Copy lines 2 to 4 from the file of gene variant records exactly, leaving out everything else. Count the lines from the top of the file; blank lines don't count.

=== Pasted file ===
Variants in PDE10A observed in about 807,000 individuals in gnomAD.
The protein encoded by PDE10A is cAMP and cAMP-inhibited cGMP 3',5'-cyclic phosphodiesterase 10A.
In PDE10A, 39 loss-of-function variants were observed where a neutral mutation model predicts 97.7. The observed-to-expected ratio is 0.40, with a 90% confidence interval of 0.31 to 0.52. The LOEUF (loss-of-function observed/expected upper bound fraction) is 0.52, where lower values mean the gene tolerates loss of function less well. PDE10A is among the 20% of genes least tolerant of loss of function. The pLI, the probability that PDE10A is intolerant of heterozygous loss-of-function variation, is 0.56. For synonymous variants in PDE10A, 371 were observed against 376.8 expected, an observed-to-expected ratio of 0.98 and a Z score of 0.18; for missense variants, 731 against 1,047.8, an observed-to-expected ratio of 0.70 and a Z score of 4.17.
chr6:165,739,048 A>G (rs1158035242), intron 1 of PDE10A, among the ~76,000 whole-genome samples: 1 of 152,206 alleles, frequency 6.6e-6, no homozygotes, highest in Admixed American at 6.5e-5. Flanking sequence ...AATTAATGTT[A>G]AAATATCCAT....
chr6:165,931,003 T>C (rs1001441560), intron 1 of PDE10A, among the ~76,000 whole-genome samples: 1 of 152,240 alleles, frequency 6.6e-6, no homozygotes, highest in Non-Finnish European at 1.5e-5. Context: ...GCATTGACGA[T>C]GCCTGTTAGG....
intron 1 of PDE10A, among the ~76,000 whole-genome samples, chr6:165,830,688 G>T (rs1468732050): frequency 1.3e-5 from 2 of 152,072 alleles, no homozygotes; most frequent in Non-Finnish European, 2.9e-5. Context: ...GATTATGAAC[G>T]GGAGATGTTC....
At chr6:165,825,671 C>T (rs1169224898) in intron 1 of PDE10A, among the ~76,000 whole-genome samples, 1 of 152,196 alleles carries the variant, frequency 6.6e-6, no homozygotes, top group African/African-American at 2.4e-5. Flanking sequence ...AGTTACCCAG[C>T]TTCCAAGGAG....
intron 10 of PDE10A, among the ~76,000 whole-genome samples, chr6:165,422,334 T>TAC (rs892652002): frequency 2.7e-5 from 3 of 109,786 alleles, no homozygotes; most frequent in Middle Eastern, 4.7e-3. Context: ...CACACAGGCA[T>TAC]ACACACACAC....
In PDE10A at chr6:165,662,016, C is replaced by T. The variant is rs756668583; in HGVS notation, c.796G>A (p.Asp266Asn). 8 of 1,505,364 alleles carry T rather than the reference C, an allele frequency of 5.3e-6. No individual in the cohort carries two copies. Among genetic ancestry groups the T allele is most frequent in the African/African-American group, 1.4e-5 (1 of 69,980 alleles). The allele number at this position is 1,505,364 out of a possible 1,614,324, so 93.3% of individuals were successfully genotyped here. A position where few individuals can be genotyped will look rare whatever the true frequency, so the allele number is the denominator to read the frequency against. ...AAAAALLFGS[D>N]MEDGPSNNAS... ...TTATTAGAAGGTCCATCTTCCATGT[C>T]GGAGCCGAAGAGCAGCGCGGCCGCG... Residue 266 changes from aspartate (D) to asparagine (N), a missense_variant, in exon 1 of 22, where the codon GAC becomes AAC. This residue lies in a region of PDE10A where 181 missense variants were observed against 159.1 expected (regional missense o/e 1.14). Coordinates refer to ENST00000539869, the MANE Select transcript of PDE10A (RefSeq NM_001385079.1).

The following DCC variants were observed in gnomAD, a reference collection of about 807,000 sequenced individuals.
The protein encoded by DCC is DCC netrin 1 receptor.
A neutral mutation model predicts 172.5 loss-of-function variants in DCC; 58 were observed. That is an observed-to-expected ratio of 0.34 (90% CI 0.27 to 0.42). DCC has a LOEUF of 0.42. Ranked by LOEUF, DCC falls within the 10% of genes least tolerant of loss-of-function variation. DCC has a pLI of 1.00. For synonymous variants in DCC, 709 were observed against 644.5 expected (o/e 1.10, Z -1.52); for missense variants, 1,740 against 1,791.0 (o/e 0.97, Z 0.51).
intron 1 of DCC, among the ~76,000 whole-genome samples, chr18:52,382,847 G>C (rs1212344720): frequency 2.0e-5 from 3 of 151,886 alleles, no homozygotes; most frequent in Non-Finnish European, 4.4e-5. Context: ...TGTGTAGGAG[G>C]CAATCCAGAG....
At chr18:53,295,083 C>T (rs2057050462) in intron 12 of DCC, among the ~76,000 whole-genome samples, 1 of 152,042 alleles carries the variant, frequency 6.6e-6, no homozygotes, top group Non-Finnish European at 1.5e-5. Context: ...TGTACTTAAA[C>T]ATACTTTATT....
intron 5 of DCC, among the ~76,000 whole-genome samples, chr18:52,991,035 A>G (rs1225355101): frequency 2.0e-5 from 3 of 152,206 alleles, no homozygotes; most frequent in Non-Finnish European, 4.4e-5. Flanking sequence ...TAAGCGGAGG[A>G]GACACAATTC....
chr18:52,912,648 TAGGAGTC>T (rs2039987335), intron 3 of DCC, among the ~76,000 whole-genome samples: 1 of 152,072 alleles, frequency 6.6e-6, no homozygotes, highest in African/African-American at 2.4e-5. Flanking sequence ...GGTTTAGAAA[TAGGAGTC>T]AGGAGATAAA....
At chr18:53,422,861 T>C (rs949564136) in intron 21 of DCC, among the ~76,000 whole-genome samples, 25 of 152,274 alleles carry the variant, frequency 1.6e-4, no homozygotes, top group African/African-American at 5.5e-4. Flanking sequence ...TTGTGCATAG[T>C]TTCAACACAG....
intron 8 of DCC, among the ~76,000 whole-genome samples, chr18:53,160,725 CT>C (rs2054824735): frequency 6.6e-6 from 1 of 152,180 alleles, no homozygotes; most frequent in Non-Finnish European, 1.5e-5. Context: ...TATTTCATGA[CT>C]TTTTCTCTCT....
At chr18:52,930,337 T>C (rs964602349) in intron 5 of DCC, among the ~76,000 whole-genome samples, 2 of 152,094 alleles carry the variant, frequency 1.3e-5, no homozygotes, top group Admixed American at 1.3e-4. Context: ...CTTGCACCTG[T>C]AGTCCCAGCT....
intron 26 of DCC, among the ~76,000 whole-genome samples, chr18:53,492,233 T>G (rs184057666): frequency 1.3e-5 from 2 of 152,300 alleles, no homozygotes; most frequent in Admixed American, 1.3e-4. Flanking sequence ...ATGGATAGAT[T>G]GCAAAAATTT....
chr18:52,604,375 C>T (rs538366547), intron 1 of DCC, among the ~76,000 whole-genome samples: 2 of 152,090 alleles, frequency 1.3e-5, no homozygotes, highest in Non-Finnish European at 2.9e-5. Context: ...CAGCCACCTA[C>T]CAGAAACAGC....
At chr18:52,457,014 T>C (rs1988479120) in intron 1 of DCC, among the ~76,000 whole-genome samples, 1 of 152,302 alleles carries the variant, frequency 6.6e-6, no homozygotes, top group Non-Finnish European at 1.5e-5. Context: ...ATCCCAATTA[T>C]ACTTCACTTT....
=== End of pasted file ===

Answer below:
The protein encoded by PDE10A is cAMP and cAMP-inhibited cGMP 3',5'-cyclic phosphodiesterase 10A.
In PDE10A, 39 loss-of-function variants were observed where a neutral mutation model predicts 97.7. The observed-to-expected ratio is 0.40, with a 90% confidence interval of 0.31 to 0.52. The LOEUF (loss-of-function observed/expected upper bound fraction) is 0.52, where lower values mean the gene tolerates loss of function less well. PDE10A is among the 20% of genes least tolerant of loss of function. The pLI, the probability that PDE10A is intolerant of heterozygous loss-of-function variation, is 0.56. For synonymous variants in PDE10A, 371 were observed against 376.8 expected, an observed-to-expected ratio of 0.98 and a Z score of 0.18; for missense variants, 731 against 1,047.8, an observed-to-expected ratio of 0.70 and a Z score of 4.17.
chr6:165,739,048 A>G (rs1158035242), intron 1 of PDE10A, among the ~76,000 whole-genome samples: 1 of 152,206 alleles, frequency 6.6e-6, no homozygotes, highest in Admixed American at 6.5e-5. Flanking sequence ...AATTAATGTT[A>G]AAATATCCAT....